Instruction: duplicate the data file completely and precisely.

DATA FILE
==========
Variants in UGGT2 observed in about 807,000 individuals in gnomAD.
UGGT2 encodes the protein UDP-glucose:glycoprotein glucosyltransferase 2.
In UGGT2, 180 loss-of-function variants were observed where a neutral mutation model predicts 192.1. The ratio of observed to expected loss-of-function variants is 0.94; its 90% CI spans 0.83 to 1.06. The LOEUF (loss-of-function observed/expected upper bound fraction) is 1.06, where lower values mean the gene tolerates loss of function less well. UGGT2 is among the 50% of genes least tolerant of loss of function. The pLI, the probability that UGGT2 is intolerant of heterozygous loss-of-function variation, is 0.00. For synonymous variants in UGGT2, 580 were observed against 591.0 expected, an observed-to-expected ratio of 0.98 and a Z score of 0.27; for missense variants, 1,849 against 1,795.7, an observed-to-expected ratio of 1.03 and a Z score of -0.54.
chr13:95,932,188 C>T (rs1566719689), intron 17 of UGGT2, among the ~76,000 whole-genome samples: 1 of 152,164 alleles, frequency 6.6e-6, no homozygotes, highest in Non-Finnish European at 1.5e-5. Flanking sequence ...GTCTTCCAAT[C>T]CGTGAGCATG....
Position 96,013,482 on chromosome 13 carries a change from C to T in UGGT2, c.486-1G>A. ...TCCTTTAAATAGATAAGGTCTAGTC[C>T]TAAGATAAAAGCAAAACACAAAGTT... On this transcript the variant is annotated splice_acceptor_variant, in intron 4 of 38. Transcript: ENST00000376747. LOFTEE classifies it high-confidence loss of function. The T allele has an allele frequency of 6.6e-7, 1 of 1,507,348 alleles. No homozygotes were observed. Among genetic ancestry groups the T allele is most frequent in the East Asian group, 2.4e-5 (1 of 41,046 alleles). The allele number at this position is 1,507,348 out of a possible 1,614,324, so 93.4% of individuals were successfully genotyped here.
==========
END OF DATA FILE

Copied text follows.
Variants in UGGT2 observed in about 807,000 individuals in gnomAD.
UGGT2 encodes the protein UDP-glucose:glycoprotein glucosyltransferase 2.
In UGGT2, 180 loss-of-function variants were observed where a neutral mutation model predicts 192.1. The ratio of observed to expected loss-of-function variants is 0.94; its 90% CI spans 0.83 to 1.06. The LOEUF (loss-of-function observed/expected upper bound fraction) is 1.06, where lower values mean the gene tolerates loss of function less well. UGGT2 is among the 50% of genes least tolerant of loss of function. The pLI, the probability that UGGT2 is intolerant of heterozygous loss-of-function variation, is 0.00. For synonymous variants in UGGT2, 580 were observed against 591.0 expected, an observed-to-expected ratio of 0.98 and a Z score of 0.27; for missense variants, 1,849 against 1,795.7, an observed-to-expected ratio of 1.03 and a Z score of -0.54.
chr13:95,932,188 C>T (rs1566719689), intron 17 of UGGT2, among the ~76,000 whole-genome samples: 1 of 152,164 alleles, frequency 6.6e-6, no homozygotes, highest in Non-Finnish European at 1.5e-5. Flanking sequence ...GTCTTCCAAT[C>T]CGTGAGCATG....
Position 96,013,482 on chromosome 13 carries a change from C to T in UGGT2, c.486-1G>A. ...TCCTTTAAATAGATAAGGTCTAGTC[C>T]TAAGATAAAAGCAAAACACAAAGTT... On this transcript the variant is annotated splice_acceptor_variant, in intron 4 of 38. Transcript: ENST00000376747. LOFTEE classifies it high-confidence loss of function. The T allele has an allele frequency of 6.6e-7, 1 of 1,507,348 alleles. No homozygotes were observed. Among genetic ancestry groups the T allele is most frequent in the East Asian group, 2.4e-5 (1 of 41,046 alleles). The allele number at this position is 1,507,348 out of a possible 1,614,324, so 93.4% of individuals were successfully genotyped here.